OpenAI Assistants

Craig Dunn

Hello prompt engineers,

OpenAI held their first Dev Day on November 6th, which included a number of new product announcements, including GPT-4 Turbo with 128K context, function calling updates, JSON mode, improvements to GPT-3.5 Turbo, the Assistant API, DALL*E 3, text-to-speech, and more. This post will focus just on the Assistant API because it greatly simplifies a lot of the challenges we’ve been addressing in the JetchatAI Android sample app.


The Assistants overview explains the key features of the new API and how to implement an example in Python. In today’s blog post we’ll compare the new API to the Chat API we’ve been using in our Android JetchatAI sample, and specifically to the #document-chat demo that we built over the past few weeks.

Big differences between the Assistants API and the Chat API:

  • Stateful – the history is stored on the server, and the client app just needs to track the thread identifier and send new messages.
  • Sliding window – automatic management of the model’s context window.
  • Doc upload and embedding – can be easily seeded with a knowledgebase which will be automatically chunked and embeddings created.
  • Code interpreter – Python code can be generated and run to answer questions.
  • Functions – supported just like the Chat API.

Revisiting the #document-chat…

The last two posts have been about building a basic document chat similar to this Azure OpenAI sample, using a lot of custom Kotlin code. OpenAI Assistants now make this trivial to build, as shown in Figure 1 below. This example shows how to prototype an Assistant in the Playground that can answer questions based on documentation sources.

You can see the result is very similar to the responses from the previous blog post:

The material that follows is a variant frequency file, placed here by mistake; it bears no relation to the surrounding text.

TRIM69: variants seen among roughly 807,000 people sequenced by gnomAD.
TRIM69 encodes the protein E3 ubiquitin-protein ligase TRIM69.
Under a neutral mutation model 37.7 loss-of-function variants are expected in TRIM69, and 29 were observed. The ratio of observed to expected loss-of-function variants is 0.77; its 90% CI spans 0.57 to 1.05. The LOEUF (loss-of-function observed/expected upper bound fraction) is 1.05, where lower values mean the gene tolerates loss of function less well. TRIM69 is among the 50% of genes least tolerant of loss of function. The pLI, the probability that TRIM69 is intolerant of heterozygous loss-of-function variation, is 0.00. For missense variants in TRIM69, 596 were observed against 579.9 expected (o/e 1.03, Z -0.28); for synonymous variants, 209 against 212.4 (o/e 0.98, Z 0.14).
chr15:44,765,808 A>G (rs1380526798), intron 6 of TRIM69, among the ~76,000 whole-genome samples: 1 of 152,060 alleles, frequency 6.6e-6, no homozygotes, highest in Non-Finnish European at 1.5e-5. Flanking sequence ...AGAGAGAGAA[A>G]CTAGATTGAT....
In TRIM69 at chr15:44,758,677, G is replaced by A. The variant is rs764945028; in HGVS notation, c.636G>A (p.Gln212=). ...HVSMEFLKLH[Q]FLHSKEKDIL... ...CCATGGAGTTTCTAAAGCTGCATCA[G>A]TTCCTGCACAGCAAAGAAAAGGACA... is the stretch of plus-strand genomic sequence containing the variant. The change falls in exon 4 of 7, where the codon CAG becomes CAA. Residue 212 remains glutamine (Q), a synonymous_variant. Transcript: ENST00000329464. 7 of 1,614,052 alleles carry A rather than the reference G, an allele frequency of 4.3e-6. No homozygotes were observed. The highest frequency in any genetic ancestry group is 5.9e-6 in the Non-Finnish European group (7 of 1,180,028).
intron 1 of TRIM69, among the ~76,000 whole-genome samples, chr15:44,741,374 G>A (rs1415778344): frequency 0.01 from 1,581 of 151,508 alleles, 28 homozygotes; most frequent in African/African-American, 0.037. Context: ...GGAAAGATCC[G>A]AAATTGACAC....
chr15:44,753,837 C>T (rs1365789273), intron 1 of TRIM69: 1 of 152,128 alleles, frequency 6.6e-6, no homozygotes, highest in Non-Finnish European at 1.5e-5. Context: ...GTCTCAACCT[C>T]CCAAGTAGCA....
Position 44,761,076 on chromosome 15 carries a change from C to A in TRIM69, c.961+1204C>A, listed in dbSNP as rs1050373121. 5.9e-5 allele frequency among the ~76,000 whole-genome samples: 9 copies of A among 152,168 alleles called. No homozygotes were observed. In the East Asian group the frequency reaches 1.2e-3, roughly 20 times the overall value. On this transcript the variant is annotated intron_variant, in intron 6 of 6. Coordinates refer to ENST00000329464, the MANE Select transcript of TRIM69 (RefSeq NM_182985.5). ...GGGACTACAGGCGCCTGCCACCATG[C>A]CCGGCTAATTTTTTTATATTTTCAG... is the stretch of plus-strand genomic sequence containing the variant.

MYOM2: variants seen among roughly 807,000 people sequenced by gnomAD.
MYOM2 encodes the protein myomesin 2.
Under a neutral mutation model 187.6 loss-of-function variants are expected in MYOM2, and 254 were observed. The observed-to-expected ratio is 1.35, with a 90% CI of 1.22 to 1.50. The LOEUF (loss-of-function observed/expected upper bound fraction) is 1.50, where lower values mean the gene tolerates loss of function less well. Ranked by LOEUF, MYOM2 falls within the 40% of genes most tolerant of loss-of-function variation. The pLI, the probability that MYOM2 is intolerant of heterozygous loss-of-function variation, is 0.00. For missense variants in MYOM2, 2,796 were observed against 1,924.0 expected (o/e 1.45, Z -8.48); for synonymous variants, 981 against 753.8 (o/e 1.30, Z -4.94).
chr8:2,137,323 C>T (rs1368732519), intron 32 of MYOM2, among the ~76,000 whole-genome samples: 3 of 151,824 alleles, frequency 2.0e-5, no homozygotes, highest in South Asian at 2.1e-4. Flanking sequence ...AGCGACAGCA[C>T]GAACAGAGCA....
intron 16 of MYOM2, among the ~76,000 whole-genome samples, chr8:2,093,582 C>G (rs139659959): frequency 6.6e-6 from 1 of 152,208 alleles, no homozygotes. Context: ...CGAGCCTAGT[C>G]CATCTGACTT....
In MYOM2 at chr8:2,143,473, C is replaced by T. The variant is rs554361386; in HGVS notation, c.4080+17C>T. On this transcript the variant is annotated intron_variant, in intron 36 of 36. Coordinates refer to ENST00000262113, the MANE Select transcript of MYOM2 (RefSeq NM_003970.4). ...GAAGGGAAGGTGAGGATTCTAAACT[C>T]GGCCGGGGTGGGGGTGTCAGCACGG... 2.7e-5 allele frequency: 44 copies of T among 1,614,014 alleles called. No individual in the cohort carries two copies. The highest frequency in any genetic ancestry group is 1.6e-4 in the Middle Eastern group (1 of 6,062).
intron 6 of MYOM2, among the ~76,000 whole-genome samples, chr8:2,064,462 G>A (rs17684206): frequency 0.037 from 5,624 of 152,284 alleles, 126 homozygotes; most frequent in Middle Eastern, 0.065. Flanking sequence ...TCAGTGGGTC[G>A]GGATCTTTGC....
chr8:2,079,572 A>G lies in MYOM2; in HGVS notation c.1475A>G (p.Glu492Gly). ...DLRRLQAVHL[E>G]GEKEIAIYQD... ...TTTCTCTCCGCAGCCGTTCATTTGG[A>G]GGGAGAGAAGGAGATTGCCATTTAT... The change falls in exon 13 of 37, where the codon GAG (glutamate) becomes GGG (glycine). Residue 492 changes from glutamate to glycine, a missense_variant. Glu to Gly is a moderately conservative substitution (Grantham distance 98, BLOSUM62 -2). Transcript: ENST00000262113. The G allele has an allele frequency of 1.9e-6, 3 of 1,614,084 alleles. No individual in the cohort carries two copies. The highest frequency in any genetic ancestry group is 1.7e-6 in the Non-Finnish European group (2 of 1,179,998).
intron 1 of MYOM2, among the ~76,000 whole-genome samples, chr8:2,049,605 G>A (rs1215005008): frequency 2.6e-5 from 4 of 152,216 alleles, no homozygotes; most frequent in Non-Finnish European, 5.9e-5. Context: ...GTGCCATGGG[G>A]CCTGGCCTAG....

Screenshot of the OpenAI Assistants playground with an example query with some screen elements highlighted and numbered.
Figure 1: OpenAI Assistant playground, with the sample PDFs uploaded and supporting typical user queries

Each element in the playground in Figure 1 is explained below:

  1. The Assistant Instructions are like the system prompt.
  2. Enable Retrieval on the assistant and upload the source documents (in our case, the fictitious Contoso PDFs).
  3. Add personalization information to augment the query, eg “my plan is the Northwind Health Standard plan”. App application implementation would add this automatically, not require the user to enter it every time.
  4. The User query “does my plan cover contact lenses and immunizations”
  5. doc chat shows the result from the model is grounded in the uploaded documents, and includes citations to the relevant information source.

Comparing this example to the Chat Playground prototype last week you can see the Assistants API is much simpler.

Coming to Kotlin

The Assistant API is still in beta, so expect changes before it’s ready for production use, however it’s certain that the Kotlin code to implement the Assistant will be much simpler than the Chat API. Rather than keeping track of the entire conversation, managing the context window, chunking the source data, and prompt-tweaking for RAG, in future the code will only keep track of the thread identifier and exchange new queries and responses with the server. The citations can also be programmatically resolved when you implement the API (even though they appear as illegible model-generated strings in the playground).

The OpenAI Kotlin open-source client library is currently implementing the Assistant API – see the progress in this pull request.

Resources and feedback

Refer to the OpenAI blog for more details on the Dev Day announcements, and the Assistants docs for more technical detail.

We’d love your feedback on this post, including any tips or tricks you’ve learned from playing around with ChatGPT prompts.

If you have any thoughts or questions, use the feedback forum or message us on Twitter @surfaceduodev.


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